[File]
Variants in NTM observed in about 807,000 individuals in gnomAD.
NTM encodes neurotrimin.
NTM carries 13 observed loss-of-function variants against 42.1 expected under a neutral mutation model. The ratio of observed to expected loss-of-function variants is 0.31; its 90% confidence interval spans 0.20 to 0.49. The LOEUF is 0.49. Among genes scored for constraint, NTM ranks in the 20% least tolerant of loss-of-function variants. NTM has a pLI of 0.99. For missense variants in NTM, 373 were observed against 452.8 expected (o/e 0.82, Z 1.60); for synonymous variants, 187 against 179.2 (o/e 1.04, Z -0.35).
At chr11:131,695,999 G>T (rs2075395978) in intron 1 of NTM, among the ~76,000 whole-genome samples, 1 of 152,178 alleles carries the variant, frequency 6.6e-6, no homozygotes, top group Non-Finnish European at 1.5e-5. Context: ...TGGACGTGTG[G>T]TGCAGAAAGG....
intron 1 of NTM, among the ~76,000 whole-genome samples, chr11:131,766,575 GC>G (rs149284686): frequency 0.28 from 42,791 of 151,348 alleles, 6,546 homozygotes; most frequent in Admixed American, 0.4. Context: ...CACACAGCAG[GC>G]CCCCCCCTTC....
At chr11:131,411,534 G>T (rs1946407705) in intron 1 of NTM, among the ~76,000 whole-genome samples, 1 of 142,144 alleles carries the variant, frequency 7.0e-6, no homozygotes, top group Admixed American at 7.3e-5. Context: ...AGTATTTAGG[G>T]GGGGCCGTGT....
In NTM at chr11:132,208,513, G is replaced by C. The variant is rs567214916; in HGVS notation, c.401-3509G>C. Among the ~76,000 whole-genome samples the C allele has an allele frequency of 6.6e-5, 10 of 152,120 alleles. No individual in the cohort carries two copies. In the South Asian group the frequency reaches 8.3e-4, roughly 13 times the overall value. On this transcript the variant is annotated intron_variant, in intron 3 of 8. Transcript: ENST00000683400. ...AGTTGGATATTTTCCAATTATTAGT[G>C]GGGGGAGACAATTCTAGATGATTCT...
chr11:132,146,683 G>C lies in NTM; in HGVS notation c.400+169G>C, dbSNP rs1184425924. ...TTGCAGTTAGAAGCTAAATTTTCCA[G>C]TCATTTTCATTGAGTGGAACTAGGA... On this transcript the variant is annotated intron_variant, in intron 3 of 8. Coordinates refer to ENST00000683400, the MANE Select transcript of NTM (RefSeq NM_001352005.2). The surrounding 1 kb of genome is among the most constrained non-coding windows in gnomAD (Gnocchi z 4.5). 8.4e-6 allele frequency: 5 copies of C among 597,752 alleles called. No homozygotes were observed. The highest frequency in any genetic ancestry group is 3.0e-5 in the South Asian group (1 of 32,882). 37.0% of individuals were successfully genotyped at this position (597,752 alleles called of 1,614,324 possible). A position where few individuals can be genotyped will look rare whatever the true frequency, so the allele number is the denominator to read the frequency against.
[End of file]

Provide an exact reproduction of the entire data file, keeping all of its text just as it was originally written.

Variants in NTM observed in about 807,000 individuals in gnomAD.
NTM encodes neurotrimin.
NTM carries 13 observed loss-of-function variants against 42.1 expected under a neutral mutation model. The ratio of observed to expected loss-of-function variants is 0.31; its 90% confidence interval spans 0.20 to 0.49. The LOEUF is 0.49. Among genes scored for constraint, NTM ranks in the 20% least tolerant of loss-of-function variants. NTM has a pLI of 0.99. For missense variants in NTM, 373 were observed against 452.8 expected (o/e 0.82, Z 1.60); for synonymous variants, 187 against 179.2 (o/e 1.04, Z -0.35).
At chr11:131,695,999 G>T (rs2075395978) in intron 1 of NTM, among the ~76,000 whole-genome samples, 1 of 152,178 alleles carries the variant, frequency 6.6e-6, no homozygotes, top group Non-Finnish European at 1.5e-5. Context: ...TGGACGTGTG[G>T]TGCAGAAAGG....
intron 1 of NTM, among the ~76,000 whole-genome samples, chr11:131,766,575 GC>G (rs149284686): frequency 0.28 from 42,791 of 151,348 alleles, 6,546 homozygotes; most frequent in Admixed American, 0.4. Context: ...CACACAGCAG[GC>G]CCCCCCCTTC....
At chr11:131,411,534 G>T (rs1946407705) in intron 1 of NTM, among the ~76,000 whole-genome samples, 1 of 142,144 alleles carries the variant, frequency 7.0e-6, no homozygotes, top group Admixed American at 7.3e-5. Context: ...AGTATTTAGG[G>T]GGGGCCGTGT....
In NTM at chr11:132,208,513, G is replaced by C. The variant is rs567214916; in HGVS notation, c.401-3509G>C. Among the ~76,000 whole-genome samples the C allele has an allele frequency of 6.6e-5, 10 of 152,120 alleles. No individual in the cohort carries two copies. In the South Asian group the frequency reaches 8.3e-4, roughly 13 times the overall value. On this transcript the variant is annotated intron_variant, in intron 3 of 8. Transcript: ENST00000683400. ...AGTTGGATATTTTCCAATTATTAGT[G>C]GGGGGAGACAATTCTAGATGATTCT...
chr11:132,146,683 G>C lies in NTM; in HGVS notation c.400+169G>C, dbSNP rs1184425924. ...TTGCAGTTAGAAGCTAAATTTTCCA[G>C]TCATTTTCATTGAGTGGAACTAGGA... On this transcript the variant is annotated intron_variant, in intron 3 of 8. Coordinates refer to ENST00000683400, the MANE Select transcript of NTM (RefSeq NM_001352005.2). The surrounding 1 kb of genome is among the most constrained non-coding windows in gnomAD (Gnocchi z 4.5). 8.4e-6 allele frequency: 5 copies of C among 597,752 alleles called. No homozygotes were observed. The highest frequency in any genetic ancestry group is 3.0e-5 in the South Asian group (1 of 32,882). 37.0% of individuals were successfully genotyped at this position (597,752 alleles called of 1,614,324 possible). A position where few individuals can be genotyped will look rare whatever the true frequency, so the allele number is the denominator to read the frequency against.